I’m all for lowering health care costs by taking more responsibility for my health. As a health journalist and coach, I’m a champion of supporting people to improve their diet, upgrade their exercise, and manage stress.

But a little question: if we’re responsible, shouldn’t we also have the freedom to choose our health care? And shouldn’t we let the government know which of its policies support our health– or don’t?I am a walking, talking health research project, figuring out what works for me and guiding others to do the same. (For more, sign up for the Health Outlook at www.health-journalist.com) Organic plant-based diet–check! Regular weekly exercise (cardio, dance, yoga, strength building, relaxation)–check! However, as a Queen of Self-Care myself, I feel that we have to differentiate between:

• Self-care you and I can do
• Conventional and non-conventional health assessments and diagnostics to prevent illness that we need to hire others to do
• Conventional and non-conventional health treatments that treat both existing conditions and “soon coming” conditions
• Government and economic policies in key arenas that impact our health

For example, a recent study found that nano silver effective in treating hospital derived MRSA, Avian flu, and other infections no other treatments can control. Good news!

However, prompted by a so-called “citizens’ group,” the EPA now wants to outlaw that very silver, calling it a pesticide. Unfortunately, this policy change opens the door to its being outlawed for human use. Bad news!

Kills bugs? Yes. Poisonous to humans — no! Like silver, any low-cost, effective treatment may have well-funded competitors who’d prefer we use their pricier, ineffective offerings. With lobbyists strategically operative even as “citizens’ groups,” my daily exercise program won’t help me maintain access to a product that keeps me and my loved ones safe should we enter an infection-ridden hospital environment.

So I say: If we’re taking responsibility for our health, shouldn’t we also have the right to choose our health care?

Let’s face it, one reason so many people “give up” on that diet or exercise program is that on some level they know that an array of forces stand between them and health. Such as:

• Managed care insurance providers and Medicaid providers positioned between you and your doctor to try to cut costs
• FDA regulators who determine which treatments and products are available for use. (Unfortunately, they base their policy decisions on costly research methods, originally developed to assure the safety of toxic chemicals – and they misapply that methodology to non-toxic treatments and foods.)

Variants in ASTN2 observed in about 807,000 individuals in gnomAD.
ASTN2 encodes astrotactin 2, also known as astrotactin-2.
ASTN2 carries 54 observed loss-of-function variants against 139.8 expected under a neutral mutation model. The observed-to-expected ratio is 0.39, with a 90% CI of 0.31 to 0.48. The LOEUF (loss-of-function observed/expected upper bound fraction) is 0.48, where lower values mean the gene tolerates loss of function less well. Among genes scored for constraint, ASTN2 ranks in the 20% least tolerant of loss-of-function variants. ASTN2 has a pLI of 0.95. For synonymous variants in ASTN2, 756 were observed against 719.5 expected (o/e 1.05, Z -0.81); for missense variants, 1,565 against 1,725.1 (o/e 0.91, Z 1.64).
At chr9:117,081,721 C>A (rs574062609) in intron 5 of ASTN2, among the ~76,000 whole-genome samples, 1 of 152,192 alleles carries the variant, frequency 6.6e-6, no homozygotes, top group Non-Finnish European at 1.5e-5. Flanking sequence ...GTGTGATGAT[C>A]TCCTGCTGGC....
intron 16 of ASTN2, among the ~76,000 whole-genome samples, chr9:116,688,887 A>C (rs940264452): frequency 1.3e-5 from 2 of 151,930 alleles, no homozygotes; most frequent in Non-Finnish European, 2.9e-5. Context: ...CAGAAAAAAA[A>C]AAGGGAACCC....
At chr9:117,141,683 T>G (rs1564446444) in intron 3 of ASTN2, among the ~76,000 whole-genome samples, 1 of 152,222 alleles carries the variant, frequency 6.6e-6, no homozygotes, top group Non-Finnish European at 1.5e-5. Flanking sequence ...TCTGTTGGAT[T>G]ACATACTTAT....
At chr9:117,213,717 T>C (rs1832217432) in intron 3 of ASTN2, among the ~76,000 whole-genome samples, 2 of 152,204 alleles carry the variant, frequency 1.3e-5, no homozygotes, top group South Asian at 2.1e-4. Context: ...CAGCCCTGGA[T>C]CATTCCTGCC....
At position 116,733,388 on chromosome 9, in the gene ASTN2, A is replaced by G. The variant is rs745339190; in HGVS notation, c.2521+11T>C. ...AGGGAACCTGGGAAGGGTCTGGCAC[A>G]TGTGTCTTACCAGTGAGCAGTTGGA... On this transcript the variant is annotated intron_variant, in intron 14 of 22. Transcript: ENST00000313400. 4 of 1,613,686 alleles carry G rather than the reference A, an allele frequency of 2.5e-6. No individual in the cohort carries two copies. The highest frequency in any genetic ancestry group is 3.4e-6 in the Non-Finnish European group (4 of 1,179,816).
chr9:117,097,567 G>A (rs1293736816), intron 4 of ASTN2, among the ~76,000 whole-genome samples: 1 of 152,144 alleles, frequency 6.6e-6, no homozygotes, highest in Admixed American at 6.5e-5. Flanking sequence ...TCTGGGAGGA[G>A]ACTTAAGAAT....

• CDC regulators who mandate interventions based on the greater public good without any examination of which individuals should be excluded from broad mandates based on genetics or pre-existing health conditions
• National Institute of Health policies that favor pharmaceutical-company funded research, and stymy research into integrative treatments
• Agricultural and environmental policies that regulate the quality of available foods, as well as air, water, and land quality, all of which impact health
• State regulations, restricting your access to preventive health tests or treatments
• The pharmaceutical and food industries, and their PR firms with their battery of messages purveying products. Reaching deep into your psyche to program ailments–an instance of the “nocebo” effect, the flip side of the “placebo effect,” ads use the recently demonstrated power of belief and suggestion to condition health outcomes.
• Conventional medicine which all too often acts as a barrier to low risk treatments and tests, demonstrated successful by outcome based findings.

So when we talk about prevention, let’s not forget that many factors impact health — and we can’t address them all one-by-one as individuals. We need collective action on public policy, on the environment, and on guarantors for health choice.

I’m delighted that the new government wants to promote wellness, and encourage our new leaders to look at all of these policies.

And as we citizens take responsibility — as I feel we must — then it makes sense to request what comes with responsibility:

• The freedom to choose our preferred kind of health care. This could be easily implemented via providing catastrophic coverage insurance, along with flexible health spending accounts.
• A broader vision of how all governmental policies impact health and create a favorable or unfavorable health environment for each of us.

We need to look at it all, and not just whether I’m doing my thirty minutes per day of cardio. Encourage the Obama administration to research integrative health treatments by writing in to preserve funding from misguided NIH cuts, here.